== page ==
This issue of whether to use your signature or have an inkan made and registered is an important one to consider, whether buying car, opening a bank account or doing any other such official transaction. Most foreigners find it unnecessary to get a seal made in the first place (though it is the "Japanese" thing to do). Once you use one in a transaction, however, you don't have the option of going back to your signature. You'll have to use that inkan on any related transaction in the future (a definite problem if you forget to bring it with you!).
The one advantage to using an inkan is, however, that you can have someone else do the transaction for you. For instance, if you want to sell your car when you leave and don't have the time to personally go to do the paper work, if you have a registered inkan, then it is easy to delegate this to a friend. All the friend would need is an "ininjo" (a proxy form available at any auto dealer) with the seal affixed, an "inkan shomeisho" from the branch city hall where it is registered and the inkan itself. If, for instance, you are leaving Japan and aren't able to sell before you leave, this would allow you to have someone else complete the transaction and later send you the money. If you don't have a seal, then there would be a problem in completing a change in registration. If it looks like you might get caught in this situation when you leave, then it is best to get an inkan made. This can be done just before you leave if necessary (though it takes a few days to have one specially made for a foreigner's name), and so as long as you are aware of the potential problem, you're probably smart to avoid the hassle of having an inkan made and to take advantage of your "gaijin" privilege. You can, of course, get one made just for the fun of it and not register it or use it in an official way. That way, it is quickly available to register and use if need be.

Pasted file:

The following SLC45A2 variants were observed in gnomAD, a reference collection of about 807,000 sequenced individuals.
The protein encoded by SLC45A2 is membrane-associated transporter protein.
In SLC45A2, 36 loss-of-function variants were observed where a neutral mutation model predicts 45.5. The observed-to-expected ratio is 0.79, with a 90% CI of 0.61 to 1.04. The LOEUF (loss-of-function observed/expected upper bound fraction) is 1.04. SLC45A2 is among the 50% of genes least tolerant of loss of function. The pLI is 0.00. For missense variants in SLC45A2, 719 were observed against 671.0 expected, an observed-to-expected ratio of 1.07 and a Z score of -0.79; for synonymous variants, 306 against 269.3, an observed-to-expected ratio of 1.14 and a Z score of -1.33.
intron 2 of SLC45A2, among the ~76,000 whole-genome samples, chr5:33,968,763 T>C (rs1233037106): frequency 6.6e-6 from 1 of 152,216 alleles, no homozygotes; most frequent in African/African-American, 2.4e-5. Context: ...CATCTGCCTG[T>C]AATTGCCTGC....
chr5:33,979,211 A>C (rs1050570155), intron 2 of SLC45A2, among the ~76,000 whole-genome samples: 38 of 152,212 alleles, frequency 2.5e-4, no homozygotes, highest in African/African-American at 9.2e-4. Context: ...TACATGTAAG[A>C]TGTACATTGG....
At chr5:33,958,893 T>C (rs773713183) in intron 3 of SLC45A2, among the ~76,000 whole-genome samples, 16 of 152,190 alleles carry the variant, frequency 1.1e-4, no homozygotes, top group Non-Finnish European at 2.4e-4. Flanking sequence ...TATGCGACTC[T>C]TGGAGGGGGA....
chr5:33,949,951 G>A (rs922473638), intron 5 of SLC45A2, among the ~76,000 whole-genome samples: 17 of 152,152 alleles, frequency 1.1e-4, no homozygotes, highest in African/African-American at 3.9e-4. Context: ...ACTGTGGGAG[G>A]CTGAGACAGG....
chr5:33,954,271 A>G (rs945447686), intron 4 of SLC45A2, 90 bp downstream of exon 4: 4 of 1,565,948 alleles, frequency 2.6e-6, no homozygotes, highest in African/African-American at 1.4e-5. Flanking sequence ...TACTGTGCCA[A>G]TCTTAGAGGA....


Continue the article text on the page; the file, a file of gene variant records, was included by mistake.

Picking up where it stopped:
To complete the description of buying a car, if you are buying from an individual, it is best to go together to the Rikuun Jimusho to complete the process. Together with your proof of parking forms, a copy of your passport (it's best to make a copy of the inner page that has your picture, etc. on it before you go as they charge ¥50 to make it there) the form from the branch city hall saying that your legally registered, you will need the papers associated with the car you're buying. Needless to say, you'll have to get forms to fill out there (along with a ¥500 stamp). They even charge you for the forms, so have some money with you. The process takes at least an hour, so be prepared. If, however, you are buying from a dealer and not an individual, then all of this paperwork is taken care by the dealer.
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